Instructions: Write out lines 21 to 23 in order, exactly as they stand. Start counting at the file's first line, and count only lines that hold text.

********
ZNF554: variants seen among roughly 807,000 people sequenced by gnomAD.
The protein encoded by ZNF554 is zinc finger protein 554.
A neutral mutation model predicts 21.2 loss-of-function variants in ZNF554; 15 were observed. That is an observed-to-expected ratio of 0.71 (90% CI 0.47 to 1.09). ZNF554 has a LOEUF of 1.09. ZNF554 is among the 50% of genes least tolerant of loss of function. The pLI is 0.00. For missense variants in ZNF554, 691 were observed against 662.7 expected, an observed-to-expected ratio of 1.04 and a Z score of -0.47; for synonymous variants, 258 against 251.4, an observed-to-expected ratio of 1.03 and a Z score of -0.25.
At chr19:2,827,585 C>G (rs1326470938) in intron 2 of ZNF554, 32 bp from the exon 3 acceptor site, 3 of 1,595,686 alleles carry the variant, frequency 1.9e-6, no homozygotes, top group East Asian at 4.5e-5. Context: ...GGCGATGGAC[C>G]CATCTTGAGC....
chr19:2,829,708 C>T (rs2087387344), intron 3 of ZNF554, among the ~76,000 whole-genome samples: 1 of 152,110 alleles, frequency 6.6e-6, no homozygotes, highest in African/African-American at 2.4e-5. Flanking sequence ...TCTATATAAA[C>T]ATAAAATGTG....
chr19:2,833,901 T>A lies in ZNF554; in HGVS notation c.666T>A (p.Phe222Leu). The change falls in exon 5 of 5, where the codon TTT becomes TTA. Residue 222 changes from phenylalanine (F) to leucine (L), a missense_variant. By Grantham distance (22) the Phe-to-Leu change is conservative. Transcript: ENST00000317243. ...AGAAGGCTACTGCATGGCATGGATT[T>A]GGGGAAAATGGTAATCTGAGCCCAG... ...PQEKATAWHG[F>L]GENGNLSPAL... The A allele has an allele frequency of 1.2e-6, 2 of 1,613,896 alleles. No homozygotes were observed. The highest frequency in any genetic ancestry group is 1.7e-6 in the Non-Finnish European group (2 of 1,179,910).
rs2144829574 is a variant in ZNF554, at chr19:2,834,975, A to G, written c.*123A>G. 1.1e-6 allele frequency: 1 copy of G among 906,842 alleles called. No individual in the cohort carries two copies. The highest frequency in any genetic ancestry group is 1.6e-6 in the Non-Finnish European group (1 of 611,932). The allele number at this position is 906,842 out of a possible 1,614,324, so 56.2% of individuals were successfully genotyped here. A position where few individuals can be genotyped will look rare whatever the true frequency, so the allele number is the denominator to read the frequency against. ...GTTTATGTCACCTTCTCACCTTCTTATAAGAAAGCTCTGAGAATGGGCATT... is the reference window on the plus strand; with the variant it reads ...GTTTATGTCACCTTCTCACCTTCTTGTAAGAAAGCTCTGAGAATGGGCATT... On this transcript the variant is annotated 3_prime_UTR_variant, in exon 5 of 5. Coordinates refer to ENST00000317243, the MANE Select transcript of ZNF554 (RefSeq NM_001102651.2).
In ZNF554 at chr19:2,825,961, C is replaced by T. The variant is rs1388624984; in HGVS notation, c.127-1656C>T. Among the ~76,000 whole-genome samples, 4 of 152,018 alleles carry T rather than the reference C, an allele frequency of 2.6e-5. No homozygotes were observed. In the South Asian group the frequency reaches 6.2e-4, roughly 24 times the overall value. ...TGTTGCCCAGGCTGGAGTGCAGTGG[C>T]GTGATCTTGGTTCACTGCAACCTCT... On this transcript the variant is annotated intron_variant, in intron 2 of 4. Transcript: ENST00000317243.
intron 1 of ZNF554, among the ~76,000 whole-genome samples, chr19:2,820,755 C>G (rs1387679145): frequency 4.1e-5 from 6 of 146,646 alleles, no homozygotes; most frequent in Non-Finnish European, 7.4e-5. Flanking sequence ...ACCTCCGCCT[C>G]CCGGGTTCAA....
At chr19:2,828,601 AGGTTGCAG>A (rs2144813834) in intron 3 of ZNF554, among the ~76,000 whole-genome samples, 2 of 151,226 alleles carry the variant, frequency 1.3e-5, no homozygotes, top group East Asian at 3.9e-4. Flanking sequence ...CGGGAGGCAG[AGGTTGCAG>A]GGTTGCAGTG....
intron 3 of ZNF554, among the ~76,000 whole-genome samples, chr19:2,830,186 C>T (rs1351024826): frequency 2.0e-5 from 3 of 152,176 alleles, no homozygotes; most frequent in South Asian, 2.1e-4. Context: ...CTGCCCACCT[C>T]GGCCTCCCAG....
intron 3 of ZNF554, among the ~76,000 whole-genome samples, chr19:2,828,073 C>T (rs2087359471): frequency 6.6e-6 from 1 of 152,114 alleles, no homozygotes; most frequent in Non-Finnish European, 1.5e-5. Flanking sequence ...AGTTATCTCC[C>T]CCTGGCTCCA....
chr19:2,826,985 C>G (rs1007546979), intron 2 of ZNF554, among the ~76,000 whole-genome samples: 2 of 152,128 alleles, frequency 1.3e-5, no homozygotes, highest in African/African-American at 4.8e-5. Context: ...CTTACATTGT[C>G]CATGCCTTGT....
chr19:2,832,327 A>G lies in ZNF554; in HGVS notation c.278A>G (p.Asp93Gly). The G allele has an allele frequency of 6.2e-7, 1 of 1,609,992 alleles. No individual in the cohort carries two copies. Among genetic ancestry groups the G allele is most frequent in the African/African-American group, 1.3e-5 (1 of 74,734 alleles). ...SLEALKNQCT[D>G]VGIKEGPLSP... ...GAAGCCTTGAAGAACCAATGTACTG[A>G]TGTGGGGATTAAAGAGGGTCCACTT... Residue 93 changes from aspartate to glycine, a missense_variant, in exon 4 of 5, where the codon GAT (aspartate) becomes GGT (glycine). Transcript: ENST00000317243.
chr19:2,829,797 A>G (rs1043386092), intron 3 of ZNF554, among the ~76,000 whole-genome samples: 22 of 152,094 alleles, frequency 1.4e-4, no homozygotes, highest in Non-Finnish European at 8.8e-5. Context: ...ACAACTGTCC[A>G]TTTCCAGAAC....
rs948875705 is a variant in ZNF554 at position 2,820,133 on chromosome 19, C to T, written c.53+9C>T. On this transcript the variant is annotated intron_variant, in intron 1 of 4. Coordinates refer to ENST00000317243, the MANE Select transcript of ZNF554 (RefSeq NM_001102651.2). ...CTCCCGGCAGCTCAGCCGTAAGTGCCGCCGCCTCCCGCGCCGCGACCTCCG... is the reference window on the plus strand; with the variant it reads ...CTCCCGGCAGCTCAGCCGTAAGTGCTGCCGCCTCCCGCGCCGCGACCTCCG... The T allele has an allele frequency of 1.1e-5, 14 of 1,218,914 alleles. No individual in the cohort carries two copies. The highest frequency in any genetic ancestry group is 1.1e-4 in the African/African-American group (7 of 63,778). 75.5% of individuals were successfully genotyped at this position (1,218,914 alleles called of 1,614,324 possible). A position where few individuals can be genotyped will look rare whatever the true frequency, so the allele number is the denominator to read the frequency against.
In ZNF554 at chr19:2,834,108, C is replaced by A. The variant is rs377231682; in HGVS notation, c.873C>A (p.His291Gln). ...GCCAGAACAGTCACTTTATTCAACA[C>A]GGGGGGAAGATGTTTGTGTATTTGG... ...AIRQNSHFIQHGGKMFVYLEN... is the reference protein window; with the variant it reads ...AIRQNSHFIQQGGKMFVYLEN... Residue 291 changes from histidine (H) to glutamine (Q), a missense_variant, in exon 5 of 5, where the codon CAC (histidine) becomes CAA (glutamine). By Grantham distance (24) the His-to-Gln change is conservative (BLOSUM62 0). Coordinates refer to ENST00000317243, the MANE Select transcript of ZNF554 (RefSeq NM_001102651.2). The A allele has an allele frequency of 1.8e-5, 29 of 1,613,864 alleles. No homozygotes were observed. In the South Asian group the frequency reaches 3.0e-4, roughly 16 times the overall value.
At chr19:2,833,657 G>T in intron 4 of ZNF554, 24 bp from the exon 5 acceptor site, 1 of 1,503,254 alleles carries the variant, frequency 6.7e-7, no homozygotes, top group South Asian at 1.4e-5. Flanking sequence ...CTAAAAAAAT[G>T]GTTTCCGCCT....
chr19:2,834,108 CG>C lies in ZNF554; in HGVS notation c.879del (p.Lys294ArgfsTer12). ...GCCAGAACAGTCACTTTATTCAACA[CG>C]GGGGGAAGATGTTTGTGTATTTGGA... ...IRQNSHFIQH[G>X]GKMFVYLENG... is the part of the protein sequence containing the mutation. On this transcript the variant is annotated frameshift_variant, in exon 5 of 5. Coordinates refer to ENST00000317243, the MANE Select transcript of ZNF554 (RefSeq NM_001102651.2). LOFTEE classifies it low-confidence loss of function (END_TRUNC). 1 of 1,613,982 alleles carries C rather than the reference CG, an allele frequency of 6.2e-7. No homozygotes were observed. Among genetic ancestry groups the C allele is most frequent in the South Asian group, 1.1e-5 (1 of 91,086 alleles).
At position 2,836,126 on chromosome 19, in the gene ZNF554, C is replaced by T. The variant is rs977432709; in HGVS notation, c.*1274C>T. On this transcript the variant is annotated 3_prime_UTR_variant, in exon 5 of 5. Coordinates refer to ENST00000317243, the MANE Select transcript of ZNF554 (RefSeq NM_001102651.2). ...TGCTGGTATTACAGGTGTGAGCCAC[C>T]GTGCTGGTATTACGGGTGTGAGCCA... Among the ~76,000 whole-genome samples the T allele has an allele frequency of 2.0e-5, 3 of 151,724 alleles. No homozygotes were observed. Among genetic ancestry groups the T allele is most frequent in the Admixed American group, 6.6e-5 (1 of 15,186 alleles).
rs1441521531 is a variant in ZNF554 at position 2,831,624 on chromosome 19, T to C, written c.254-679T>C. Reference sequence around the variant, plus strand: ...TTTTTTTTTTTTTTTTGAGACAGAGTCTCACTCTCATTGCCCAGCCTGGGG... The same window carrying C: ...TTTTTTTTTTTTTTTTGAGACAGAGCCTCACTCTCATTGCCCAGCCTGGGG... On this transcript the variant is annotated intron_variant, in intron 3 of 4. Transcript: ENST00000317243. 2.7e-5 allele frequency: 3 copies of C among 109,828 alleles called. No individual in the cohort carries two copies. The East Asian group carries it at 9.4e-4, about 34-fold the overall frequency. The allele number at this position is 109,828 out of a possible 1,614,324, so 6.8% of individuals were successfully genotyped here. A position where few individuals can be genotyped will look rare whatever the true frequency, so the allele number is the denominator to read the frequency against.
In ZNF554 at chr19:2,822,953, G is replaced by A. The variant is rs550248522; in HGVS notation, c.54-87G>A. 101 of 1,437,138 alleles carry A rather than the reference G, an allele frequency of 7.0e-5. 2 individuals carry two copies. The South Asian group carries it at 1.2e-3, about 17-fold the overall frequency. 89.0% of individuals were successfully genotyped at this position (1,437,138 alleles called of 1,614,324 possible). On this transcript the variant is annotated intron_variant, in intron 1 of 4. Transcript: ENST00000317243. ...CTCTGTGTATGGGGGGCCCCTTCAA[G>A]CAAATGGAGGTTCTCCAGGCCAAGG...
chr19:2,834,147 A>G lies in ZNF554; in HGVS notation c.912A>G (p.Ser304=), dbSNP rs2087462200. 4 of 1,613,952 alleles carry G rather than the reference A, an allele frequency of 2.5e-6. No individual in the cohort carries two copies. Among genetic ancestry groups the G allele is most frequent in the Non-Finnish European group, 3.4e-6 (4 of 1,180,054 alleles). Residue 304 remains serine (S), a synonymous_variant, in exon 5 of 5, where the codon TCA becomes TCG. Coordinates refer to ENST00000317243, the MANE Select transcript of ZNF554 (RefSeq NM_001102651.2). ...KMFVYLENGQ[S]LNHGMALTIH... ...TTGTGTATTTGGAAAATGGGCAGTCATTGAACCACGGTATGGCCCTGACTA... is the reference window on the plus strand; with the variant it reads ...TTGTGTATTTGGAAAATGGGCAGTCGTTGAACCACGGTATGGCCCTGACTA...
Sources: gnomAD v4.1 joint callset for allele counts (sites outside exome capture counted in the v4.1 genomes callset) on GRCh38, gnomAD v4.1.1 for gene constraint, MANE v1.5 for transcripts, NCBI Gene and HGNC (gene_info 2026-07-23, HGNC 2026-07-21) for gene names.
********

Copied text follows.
rs1441521531 is a variant in ZNF554 at position 2,831,624 on chromosome 19, T to C, written c.254-679T>C. Reference sequence around the variant, plus strand: ...TTTTTTTTTTTTTTTTGAGACAGAGTCTCACTCTCATTGCCCAGCCTGGGG... The same window carrying C: ...TTTTTTTTTTTTTTTTGAGACAGAGCCTCACTCTCATTGCCCAGCCTGGGG... On this transcript the variant is annotated intron_variant, in intron 3 of 4. Transcript: ENST00000317243. 2.7e-5 allele frequency: 3 copies of C among 109,828 alleles called. No individual in the cohort carries two copies. The East Asian group carries it at 9.4e-4, about 34-fold the overall frequency. The allele number at this position is 109,828 out of a possible 1,614,324, so 6.8% of individuals were successfully genotyped here. A position where few individuals can be genotyped will look rare whatever the true frequency, so the allele number is the denominator to read the frequency against.
In ZNF554 at chr19:2,822,953, G is replaced by A. The variant is rs550248522; in HGVS notation, c.54-87G>A. 101 of 1,437,138 alleles carry A rather than the reference G, an allele frequency of 7.0e-5. 2 individuals carry two copies. The South Asian group carries it at 1.2e-3, about 17-fold the overall frequency. 89.0% of individuals were successfully genotyped at this position (1,437,138 alleles called of 1,614,324 possible). On this transcript the variant is annotated intron_variant, in intron 1 of 4. Transcript: ENST00000317243. ...CTCTGTGTATGGGGGGCCCCTTCAA[G>A]CAAATGGAGGTTCTCCAGGCCAAGG...
chr19:2,834,147 A>G lies in ZNF554; in HGVS notation c.912A>G (p.Ser304=), dbSNP rs2087462200. 4 of 1,613,952 alleles carry G rather than the reference A, an allele frequency of 2.5e-6. No individual in the cohort carries two copies. Among genetic ancestry groups the G allele is most frequent in the Non-Finnish European group, 3.4e-6 (4 of 1,180,054 alleles). Residue 304 remains serine (S), a synonymous_variant, in exon 5 of 5, where the codon TCA becomes TCG. Coordinates refer to ENST00000317243, the MANE Select transcript of ZNF554 (RefSeq NM_001102651.2). ...KMFVYLENGQ[S]LNHGMALTIH... ...TTGTGTATTTGGAAAATGGGCAGTCATTGAACCACGGTATGGCCCTGACTA... is the reference window on the plus strand; with the variant it reads ...TTGTGTATTTGGAAAATGGGCAGTCGTTGAACCACGGTATGGCCCTGACTA...